When you drive by a place often enough, at some point you just need to flip on the turn signal and see for yourself what the joint is all about. That is what happened to me recently on my way to the Hatteras ferry dock, as I was headed to Ocracoke.
The Hatterasman restaurant sits on the east side of Highway 12, at the intersection of the Big Road and Eagle Pass in Hatteras Village. The popular eatery is a familiar blue icon for annual travelers, with an old boat and a handwritten sign out front proclaiming Ferry Food — which is one of my all-time favorite food groups. I was long overdue for a visit.
I got there around 3 p.m., when the lunch crowd had departed, and the dinner crowd was still on the beach. As the door closed, I was offered a quick “hello” and a “be with you in a minute” head nod, as an employee on a mission carried food to a waiting diner seated at an outside picnic table.
In no hurry, I nodded back and stepped aside to appreciate my surroundings. Support for U.S. veterans was the most dominant theme displayed. The owner is passionate about our vets and offers space for organized meetings and individual encouragement, as well as offering veterans 10% off their dining tab.
The place could, in the most positive framing, also be described as a dive. No air conditioning, no fancy décor, no wine list or anything that could even be considered pretentious. What you will find is layers upon layers of history everywhere. Local history is told on the backs of booths in the form of long-stuck stickers. They also have a friendly, helpful staff and pretty darn good food, if you remember that most everything listed comes from the no-frills side of the menu.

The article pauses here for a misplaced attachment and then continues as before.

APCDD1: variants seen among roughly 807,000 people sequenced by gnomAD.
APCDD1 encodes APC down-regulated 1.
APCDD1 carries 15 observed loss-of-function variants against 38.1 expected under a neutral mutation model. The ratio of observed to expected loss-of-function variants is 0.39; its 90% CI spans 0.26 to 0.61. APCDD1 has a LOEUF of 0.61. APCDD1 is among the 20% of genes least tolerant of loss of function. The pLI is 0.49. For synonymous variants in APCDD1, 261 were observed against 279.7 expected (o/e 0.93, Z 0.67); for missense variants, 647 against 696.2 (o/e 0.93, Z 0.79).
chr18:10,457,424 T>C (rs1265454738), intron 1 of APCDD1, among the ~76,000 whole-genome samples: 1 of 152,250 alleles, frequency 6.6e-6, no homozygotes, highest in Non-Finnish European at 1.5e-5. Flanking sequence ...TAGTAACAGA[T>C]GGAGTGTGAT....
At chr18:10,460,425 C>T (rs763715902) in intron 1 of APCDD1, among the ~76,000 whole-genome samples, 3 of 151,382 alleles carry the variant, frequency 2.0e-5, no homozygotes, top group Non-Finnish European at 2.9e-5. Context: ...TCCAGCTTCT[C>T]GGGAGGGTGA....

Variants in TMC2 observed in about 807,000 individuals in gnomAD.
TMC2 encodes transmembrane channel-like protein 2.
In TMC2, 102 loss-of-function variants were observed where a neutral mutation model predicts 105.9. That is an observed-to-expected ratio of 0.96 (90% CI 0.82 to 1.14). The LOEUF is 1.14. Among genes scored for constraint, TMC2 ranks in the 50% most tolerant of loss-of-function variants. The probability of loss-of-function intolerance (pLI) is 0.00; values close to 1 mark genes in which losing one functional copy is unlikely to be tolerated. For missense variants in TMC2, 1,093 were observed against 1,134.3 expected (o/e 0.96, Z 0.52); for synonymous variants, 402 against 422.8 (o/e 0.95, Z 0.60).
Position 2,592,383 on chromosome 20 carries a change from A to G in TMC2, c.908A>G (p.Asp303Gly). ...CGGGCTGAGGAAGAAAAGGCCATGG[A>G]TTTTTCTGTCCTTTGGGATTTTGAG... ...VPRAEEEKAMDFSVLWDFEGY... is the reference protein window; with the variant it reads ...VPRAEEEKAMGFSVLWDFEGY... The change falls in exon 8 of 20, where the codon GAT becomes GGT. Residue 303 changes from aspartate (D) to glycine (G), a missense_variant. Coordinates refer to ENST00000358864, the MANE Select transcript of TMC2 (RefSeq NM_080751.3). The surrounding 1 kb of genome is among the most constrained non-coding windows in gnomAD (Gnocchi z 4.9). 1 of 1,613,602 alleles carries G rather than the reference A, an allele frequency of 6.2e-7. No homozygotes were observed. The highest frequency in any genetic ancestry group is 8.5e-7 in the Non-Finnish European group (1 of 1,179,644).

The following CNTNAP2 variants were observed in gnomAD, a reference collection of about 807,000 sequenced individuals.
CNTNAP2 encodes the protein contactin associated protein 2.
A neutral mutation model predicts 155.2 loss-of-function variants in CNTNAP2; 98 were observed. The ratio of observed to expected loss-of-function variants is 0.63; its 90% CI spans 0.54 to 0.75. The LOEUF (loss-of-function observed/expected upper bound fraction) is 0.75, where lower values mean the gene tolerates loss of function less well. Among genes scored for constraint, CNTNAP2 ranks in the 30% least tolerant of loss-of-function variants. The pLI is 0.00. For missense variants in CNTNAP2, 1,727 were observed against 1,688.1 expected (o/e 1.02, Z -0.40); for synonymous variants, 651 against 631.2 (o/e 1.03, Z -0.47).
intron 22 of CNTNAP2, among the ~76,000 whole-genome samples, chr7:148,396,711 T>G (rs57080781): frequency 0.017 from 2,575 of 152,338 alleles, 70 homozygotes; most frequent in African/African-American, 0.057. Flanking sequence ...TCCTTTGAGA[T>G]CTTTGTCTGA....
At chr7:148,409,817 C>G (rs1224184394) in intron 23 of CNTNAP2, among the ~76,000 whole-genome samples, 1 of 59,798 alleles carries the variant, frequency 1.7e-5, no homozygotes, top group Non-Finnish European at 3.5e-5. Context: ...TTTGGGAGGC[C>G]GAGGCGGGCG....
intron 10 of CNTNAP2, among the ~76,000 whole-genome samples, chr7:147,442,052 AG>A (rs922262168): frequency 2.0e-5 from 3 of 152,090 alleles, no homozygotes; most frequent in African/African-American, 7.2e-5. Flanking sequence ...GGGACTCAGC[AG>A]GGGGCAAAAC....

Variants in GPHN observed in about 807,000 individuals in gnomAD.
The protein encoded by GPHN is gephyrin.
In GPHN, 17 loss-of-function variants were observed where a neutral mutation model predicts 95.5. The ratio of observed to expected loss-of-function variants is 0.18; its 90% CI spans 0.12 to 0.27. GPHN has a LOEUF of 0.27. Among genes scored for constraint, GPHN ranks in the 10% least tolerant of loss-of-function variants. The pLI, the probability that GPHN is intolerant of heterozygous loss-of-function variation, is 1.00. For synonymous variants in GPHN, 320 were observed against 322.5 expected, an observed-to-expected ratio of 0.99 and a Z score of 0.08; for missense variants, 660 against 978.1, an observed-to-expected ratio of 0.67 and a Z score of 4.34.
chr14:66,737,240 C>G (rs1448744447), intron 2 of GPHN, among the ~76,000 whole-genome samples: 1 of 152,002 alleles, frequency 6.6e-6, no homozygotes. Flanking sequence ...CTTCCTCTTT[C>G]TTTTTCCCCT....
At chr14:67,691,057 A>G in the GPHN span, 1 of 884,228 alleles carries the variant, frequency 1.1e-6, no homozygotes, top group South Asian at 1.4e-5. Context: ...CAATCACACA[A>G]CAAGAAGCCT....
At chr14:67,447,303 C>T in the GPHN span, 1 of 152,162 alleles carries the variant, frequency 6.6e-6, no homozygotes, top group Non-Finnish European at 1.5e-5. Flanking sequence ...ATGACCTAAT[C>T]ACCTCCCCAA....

With my tongue firmly in my cheek, I ordered the closest thing they had to surf and turf. I tried the mushroom Swiss burger with fries and an order of grilled local shrimp, which also came with thin, seasoned fries. Both were served in to-go containers, so I could easily spread out my picnic as the ferry traversed the Pamlico Sound.
With a view of shallow water and tree stumps disguised as tumbleweed, I tried the shrimp. They looked perfectly cooked, and once I tasted them, it was easy to confirm that they were timed just right. Slightly seasoned with a spice blend that smelled like summer and steamed seafood, the shrimp were served deliciously hot with a side of matchstick fries and cocktail sauce.
The burger was hand-patted and covered in sautéed mushrooms and onions and a generous amount of melted Swiss cheese. I had mine with lettuce, tomato and onion, and you can have yours any way you want it, I was told. Still hot by the time I got on the ferry, the burger was generously sized and tasty.
While the menu might have familiar offerings, the location is one-of-a-kind. Whether your view is on the ferry or from an inside booth, you are guaranteed to see more than a few original sites.
Amy Gaw is a food entrepreneur who has eaten, cooked and written about food on the Outer Banks and surrounding areas for more than three decades. A clean food advocate with a focus on local seafood, Gaw is also a salt maker and the founder of Outer Banks SeaSalt.